Team : Marcos Racing Ltd.
Drivers : Chris Lawrence (GB)/ Jem Marsh (GB)
Qualifying : 55th
Result : 52th (DNF – Oil Pump)
Model : Spark (S0792)

References :








#69 ensign14

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Posted 05 January 2019 - 08:48

the pair were clocked at an impressive top speed of 227 kph (141 mph).


Christ alive.  That must have been terrifying.

#70 Sterzo

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Posted 05 January 2019 - 17:10

Great thread, love it.

#71 Jager

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Posted 06 January 2019 - 01:42

Christ alive.  That must have been terrifying.

There is a lot of recognition for the brave and fearless Le Mans drivers who tamed beasts like the 917, but not much recognition for those who did the same in much more inferior machinery. The Marcos Mini is a good example.



Great thread, love it.

Thanks, glad you have enjoyed it. Knowing there are others who share my interest makes it more enjoyable.

#72 Glengavel

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Posted 07 January 2019 - 07:17

Christ alive.  That must have been terrifying.

Although you would be unable to hear the driver's screams of terror above the noise of the gear-train.

#73 Jager

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Posted 11 January 2019 - 13:48

If Spark's Marcos Mini is the smallest car in my collection, this next addition from Bizarre is a close second. Its simplicity has caught my attention a few times in the past, but until now has been overlooked in favour of other additions.

Daniel Rouveyran, was a French mechanic born on 3 September 1939 in Lédignan, France. Attracted to mechanics at the age of 16, he went to Paris to work at Panhard and René Bonnet, where he eventually became a mechanic for their 24 hours of Le Mans team in the 1960’s. However, at the age of 20, he left René Bonnet to set up the tire shop “Pneumatiques Rouveyran” in Saint-Hilaire-de-Brethmas.

The same year, Rouveyran's father offered him a Pichon Parat, a rare French sportscar. This was the trigger that lead him into a decade of hillclimbing and motor racing. Rouveyran proved to be a very accomplished driver, winning the French Hillclimb Championship in 1969, and going on to be runner up in 1970, 1971 and 1972.

At this time, Rouveyran also began driving at Le Mans. He participated in 1970 in a Porsche 910, and again in 1972 in a Ferrari Daytona 365, but on both occasions he was forced to retire. His did however go on to finish second in the 1972 Tour de France with François Migault in the same Ferrari Daytona 365 they ran at Le Mans.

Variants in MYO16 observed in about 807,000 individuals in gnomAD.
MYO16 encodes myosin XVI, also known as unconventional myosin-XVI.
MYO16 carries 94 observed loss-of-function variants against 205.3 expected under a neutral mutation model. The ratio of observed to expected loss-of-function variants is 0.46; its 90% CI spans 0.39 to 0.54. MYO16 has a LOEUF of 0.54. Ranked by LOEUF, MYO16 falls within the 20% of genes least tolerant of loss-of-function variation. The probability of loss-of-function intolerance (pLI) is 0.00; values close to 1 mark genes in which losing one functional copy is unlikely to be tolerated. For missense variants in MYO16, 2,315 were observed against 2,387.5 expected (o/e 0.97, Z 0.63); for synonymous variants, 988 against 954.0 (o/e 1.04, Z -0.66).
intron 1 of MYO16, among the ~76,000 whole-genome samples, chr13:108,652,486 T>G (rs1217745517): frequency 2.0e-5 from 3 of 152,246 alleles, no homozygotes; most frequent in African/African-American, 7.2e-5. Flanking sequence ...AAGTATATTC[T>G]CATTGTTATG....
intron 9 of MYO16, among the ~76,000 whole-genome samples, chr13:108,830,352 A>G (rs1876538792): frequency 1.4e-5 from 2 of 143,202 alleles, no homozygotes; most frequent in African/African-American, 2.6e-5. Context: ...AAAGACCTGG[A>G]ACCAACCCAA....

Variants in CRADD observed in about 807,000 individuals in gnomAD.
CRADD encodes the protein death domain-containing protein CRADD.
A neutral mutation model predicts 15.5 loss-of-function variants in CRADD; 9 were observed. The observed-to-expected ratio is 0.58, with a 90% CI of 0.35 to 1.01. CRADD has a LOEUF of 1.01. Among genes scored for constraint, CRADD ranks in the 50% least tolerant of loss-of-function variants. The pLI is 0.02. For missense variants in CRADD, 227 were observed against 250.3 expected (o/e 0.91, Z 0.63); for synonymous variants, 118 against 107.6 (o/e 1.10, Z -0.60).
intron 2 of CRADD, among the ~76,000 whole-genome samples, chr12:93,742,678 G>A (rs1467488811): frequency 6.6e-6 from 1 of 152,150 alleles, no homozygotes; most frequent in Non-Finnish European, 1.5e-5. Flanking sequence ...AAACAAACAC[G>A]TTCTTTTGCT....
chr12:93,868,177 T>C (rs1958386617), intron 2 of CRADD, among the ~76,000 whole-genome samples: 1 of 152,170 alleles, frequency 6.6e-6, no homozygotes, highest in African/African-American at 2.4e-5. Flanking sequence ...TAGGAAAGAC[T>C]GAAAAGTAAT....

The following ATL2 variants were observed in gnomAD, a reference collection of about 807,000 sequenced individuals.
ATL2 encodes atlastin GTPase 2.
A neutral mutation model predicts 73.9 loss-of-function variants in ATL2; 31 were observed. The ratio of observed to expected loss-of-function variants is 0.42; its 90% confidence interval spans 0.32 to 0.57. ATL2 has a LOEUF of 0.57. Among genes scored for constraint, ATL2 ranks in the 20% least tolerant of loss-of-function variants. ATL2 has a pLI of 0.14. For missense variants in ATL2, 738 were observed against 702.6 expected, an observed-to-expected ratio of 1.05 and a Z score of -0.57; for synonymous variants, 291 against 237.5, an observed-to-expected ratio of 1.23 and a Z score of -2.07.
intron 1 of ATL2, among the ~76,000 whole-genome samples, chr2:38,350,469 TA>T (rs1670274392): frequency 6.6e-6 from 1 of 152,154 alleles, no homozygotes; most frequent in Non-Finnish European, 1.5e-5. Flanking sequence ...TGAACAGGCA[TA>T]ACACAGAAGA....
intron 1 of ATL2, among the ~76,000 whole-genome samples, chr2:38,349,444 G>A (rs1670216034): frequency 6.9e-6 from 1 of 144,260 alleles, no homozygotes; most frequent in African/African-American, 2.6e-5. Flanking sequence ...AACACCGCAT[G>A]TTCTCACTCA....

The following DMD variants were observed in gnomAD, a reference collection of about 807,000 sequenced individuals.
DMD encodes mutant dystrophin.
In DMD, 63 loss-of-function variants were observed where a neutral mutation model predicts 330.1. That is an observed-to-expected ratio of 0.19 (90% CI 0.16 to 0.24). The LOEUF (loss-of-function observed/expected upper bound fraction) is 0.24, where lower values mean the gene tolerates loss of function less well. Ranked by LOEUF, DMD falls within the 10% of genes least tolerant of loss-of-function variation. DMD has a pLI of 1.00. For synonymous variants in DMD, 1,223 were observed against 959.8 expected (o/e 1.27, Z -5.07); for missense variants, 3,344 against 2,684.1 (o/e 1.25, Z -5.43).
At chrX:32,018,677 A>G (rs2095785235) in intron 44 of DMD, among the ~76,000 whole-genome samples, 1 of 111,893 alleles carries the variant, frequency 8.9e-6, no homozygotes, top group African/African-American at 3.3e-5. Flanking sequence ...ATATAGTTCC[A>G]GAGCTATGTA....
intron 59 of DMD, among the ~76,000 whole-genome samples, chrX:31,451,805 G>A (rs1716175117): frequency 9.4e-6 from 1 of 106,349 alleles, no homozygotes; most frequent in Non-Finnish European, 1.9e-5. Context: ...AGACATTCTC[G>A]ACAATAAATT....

In 1973, Rouveyran decided to enter his own car at Le Mans, purchasing Lola T280 chassis #HU1 from the Ecurie Bonnier team following Bonnier’s death at Le Mans in 1972. Ecurie Bonnier had also entered this car at Le Mans in 1972 alongside Bonnier’s car, but it retired with clutch issues.

According to a period report from Autorsport, “A second privately entered Lola T280 was being run by its owner Daniel Rouvreyan with Christian Mons and Christian Ethuin sharing the driving although by the standard of preparation it seemed highly unlikely the car would be going long enough for them all to get a drive."

Despite the negativity of Autosport’s observations, Rouvreyan qualified the car in 11th place. Unfortunately, once the race was underway the car experienced gearbox troubles very early on and by the end of the 1st hour had already fallen to last place in 54th position. It struggled on at the back of the field until a broken wheel ended its race in the 5th hour when it was running in 47th position.

Just three weeks after Le Mans, Rouveyran was killed in his March 721G at the Mont Dore (Puy-de-Dôme) Hillclimb on the 1st July 1973. After his death, his family sold the Lola to Frenchman Michel Degoumois, who logged an entry for it at Le Mans in 1974 and 1975, but did not arrived. However the car has since re-appeared in current day historic racing.






Car : 1973 #61 Lola T280
Team : Daniel Rouveyran
Drivers : Daniël Rouveyran (F)/ Christian Mons (F)/ Christian Ethuin (F)
Qualifying : 11th
Result : 50th (DNF - Broken Wheel)
Model : Bizarre (BZ145)








#74 Barry Boor

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Posted 11 January 2019 - 14:14

Interesting that they never bothered to remove the Bonnier colours from the engine cover.

#75 Jager

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Posted 13 January 2019 - 12:56

Well spotted Barry. I'm wondering if that was only a spare engine cover as I've since found another picture that shows a different livery with additional sponsorship :



#76 Jager

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Posted 19 January 2019 - 01:12

Next is another classic Top 10 finisher I probably should have added sooner than this.